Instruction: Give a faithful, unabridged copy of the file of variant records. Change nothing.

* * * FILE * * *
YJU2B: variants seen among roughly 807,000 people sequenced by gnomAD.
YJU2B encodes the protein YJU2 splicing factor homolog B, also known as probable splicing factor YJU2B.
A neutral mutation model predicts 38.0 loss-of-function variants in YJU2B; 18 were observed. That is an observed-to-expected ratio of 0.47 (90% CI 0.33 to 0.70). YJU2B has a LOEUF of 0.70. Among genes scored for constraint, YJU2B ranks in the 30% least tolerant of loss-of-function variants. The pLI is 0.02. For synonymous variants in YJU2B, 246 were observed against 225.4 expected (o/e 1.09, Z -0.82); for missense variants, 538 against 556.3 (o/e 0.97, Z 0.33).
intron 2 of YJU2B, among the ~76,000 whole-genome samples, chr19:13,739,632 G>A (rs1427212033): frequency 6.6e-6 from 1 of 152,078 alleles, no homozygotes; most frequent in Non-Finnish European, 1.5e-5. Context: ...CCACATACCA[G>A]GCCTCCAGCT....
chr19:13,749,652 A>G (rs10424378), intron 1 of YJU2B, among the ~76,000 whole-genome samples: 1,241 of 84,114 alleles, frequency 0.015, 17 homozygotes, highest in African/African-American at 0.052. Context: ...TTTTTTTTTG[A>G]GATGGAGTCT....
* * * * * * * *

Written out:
YJU2B: variants seen among roughly 807,000 people sequenced by gnomAD.
YJU2B encodes the protein YJU2 splicing factor homolog B, also known as probable splicing factor YJU2B.
A neutral mutation model predicts 38.0 loss-of-function variants in YJU2B; 18 were observed. That is an observed-to-expected ratio of 0.47 (90% CI 0.33 to 0.70). YJU2B has a LOEUF of 0.70. Among genes scored for constraint, YJU2B ranks in the 30% least tolerant of loss-of-function variants. The pLI is 0.02. For synonymous variants in YJU2B, 246 were observed against 225.4 expected (o/e 1.09, Z -0.82); for missense variants, 538 against 556.3 (o/e 0.97, Z 0.33).
intron 2 of YJU2B, among the ~76,000 whole-genome samples, chr19:13,739,632 G>A (rs1427212033): frequency 6.6e-6 from 1 of 152,078 alleles, no homozygotes; most frequent in Non-Finnish European, 1.5e-5. Context: ...CCACATACCA[G>A]GCCTCCAGCT....
chr19:13,749,652 A>G (rs10424378), intron 1 of YJU2B, among the ~76,000 whole-genome samples: 1,241 of 84,114 alleles, frequency 0.015, 17 homozygotes, highest in African/African-American at 0.052. Context: ...TTTTTTTTTG[A>G]GATGGAGTCT....